Publications by authors named "M Gabriella Brasca"

84 Publications

High biodiversity in a limited mountain area revealed in the traditional production of Historic Rebel cheese by an integrated microbiota-lipidomic approach.

Sci Rep 2021 May 14;11(1):10374. Epub 2021 May 14.

Institute of Agricultural Biology and Biotechnology, National Research Council, via Einstein, 26900, Lodi, Italy.

Historic Rebel (HR) cheese is an Italian heritage cheese, produced from raw milk during the summer grazing period in the Alps. The aim of this work was (i) to characterize the cheese microbiota, by 16S rRNA gene amplicons sequencing, and the volatile and non-volatile lipophilic fraction, by Gas Chromatography and Dynamic Headspace Extraction-Gas Chromatography-Mass Spectrometry, and (ii) to evaluate their respective associations. HR cheese was dominated by Firmicutes phylum (99% of the entire abundance). The core microbiota was formed by Streptococcus, Lactobacillus, Lactococcus, Leuconostoc and Pediococcus genera together representing 87.2-99.6% of the total abundance. The polyunsaturated fatty acids composition showed a high PUFA n-3, PUFA n-6 and CLA content, two fold higher than typical plain cheeses, positively correlated with pasture altitude. A complex volatilome was detected, dominated in terms of abundance by ketones, fatty acids and alcohols. Total terpene levels increased at higher altitudes, being the main terpenes compounds α-pinene, camphene and β-pinene. The HR cheese showed a great diversity of bacterial taxa and lipophilic fractions among producers, despite belonging to a small alpine area, revealing a scarce cheese standardization and a chemical fingerprint of a typical mountain cheese produced during the grazing period. A deeper knowledge of the variability of HR cheese due to its composition in microbial community and volatile compounds will be appreciated, in particular, by elite consumers looking for niche products, adding economic value to farming in these alpine areas.
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http://dx.doi.org/10.1038/s41598-021-89959-xDOI Listing
May 2021

Proteolytic Traits of Psychrotrophic Bacteria Potentially Causative of Sterilized Milk Instability: Genotypic, Phenotypic and Peptidomic Insight.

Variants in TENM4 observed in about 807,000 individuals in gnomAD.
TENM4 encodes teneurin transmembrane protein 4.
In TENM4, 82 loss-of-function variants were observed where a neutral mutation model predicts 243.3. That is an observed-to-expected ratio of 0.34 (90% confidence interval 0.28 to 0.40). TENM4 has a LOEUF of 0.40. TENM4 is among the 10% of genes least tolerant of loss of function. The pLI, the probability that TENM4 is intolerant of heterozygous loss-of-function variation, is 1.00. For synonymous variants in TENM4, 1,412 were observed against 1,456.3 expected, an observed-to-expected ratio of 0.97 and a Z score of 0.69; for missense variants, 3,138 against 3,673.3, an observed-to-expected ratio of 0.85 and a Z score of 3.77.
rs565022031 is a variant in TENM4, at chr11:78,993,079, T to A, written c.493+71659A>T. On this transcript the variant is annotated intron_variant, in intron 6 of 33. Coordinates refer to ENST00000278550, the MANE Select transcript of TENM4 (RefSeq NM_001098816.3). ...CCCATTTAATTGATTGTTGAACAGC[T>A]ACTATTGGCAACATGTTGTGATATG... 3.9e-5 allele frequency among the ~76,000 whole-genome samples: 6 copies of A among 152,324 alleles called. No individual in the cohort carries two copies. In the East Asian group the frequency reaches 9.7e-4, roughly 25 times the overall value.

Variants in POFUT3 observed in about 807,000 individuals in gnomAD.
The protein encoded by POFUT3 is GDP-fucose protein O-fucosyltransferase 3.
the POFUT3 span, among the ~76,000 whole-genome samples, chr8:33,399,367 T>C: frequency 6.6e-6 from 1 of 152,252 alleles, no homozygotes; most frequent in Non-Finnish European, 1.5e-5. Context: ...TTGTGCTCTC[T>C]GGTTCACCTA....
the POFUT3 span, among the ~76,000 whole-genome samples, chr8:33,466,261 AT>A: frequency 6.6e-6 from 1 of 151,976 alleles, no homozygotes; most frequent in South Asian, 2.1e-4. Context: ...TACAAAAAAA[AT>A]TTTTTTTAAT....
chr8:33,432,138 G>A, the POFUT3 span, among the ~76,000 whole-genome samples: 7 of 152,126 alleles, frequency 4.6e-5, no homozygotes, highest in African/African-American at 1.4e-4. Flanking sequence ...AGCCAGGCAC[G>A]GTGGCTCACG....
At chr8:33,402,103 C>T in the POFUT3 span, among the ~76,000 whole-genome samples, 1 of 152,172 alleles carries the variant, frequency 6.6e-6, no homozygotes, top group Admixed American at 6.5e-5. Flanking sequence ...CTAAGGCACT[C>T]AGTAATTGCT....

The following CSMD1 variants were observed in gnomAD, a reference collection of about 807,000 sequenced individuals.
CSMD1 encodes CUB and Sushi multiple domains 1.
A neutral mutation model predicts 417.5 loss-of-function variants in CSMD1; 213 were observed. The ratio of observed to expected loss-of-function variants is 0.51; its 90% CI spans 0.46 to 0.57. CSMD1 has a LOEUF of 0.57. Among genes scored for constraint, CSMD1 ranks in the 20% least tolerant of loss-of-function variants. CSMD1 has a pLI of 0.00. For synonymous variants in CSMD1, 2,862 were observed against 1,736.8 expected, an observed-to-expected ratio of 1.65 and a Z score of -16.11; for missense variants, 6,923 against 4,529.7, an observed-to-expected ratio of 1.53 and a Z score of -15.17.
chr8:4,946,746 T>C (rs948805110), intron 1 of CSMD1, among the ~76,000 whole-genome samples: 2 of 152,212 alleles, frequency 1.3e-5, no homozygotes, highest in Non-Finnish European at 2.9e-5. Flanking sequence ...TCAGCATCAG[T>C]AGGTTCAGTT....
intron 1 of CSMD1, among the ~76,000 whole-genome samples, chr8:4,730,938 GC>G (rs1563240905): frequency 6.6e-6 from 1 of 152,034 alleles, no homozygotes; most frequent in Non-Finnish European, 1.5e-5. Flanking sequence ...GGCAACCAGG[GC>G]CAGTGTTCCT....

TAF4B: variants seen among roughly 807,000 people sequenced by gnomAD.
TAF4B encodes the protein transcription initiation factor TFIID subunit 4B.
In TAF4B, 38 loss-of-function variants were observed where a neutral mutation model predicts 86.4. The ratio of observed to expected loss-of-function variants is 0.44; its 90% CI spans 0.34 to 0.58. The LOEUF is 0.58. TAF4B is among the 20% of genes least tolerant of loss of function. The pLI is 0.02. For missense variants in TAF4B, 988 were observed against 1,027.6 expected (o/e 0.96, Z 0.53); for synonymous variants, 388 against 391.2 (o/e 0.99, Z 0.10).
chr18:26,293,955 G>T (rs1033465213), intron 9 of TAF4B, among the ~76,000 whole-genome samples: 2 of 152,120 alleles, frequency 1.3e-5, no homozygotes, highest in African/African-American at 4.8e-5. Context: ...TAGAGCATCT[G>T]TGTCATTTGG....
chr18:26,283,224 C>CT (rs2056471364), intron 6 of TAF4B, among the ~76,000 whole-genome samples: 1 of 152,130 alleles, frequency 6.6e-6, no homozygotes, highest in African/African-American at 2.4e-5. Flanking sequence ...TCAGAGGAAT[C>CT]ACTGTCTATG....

Foods 2021 Apr 24;10(5). Epub 2021 Apr 24.

National Research Council, Institute of Sciences of Food Production, Via G. Celoria 2, 20133 Milan, Italy.

The proteolytic traits of the psychrotrophic strains Pseudomonas poae LP5, Pseudomonas fluorescens LPF3, Chryseobacterium joostei LPR1, Pseudomonas fulva PS1, Citrobacter freundii PS37, Hafnia alvei PS46, and Serratia marcescens PS92 were initially investigated by phenotypic and genotypic approaches. Six strains elicited extracellular proteolytic activity, and five expressed the thermostable AprX or (likely) Ser1 enzymes. Then, the strains were inoculated (10 CFU/mL) in microfiltered pasteurized milk and kept at 4 °C for five days. All of the strains reached 10 CFU/mL at the end of storage and five produced thermostable extracellular proteolytic enzymes. The freshly inoculated samples and the corresponding samples at 10 CFU/mL were batch-sterilized (131 °C, 30 s) and kept at 45 °C up to 100 days. The former samples did not gel until the end of incubation, whereas the latter, containing , , , , and gelled within a few days of incubation. The thermostable proteolytic activity of strains affected the peptidomic profile, and specific proteolyzed zones of β-CN were recognized in the gelled samples. Overall, the results confirm some proteolytic traits of psychrotrophic Pseudomonas spp. strains and provide additional insights on the proteolytic activity of psychrotrophic bacteria potentially responsible for sterilized milk destabilization.
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http://dx.doi.org/10.3390/foods10050934DOI Listing
April 2021

Paraprobiotics: A New Perspective for Functional Foods and Nutraceuticals.

Nutrients 2021 Apr 8;13(4). Epub 2021 Apr 8.

Institute of Sciences of Food Production, National Research Council (CNR-ISPA), Via G. Celoria 2, 20133 Milan, Italy.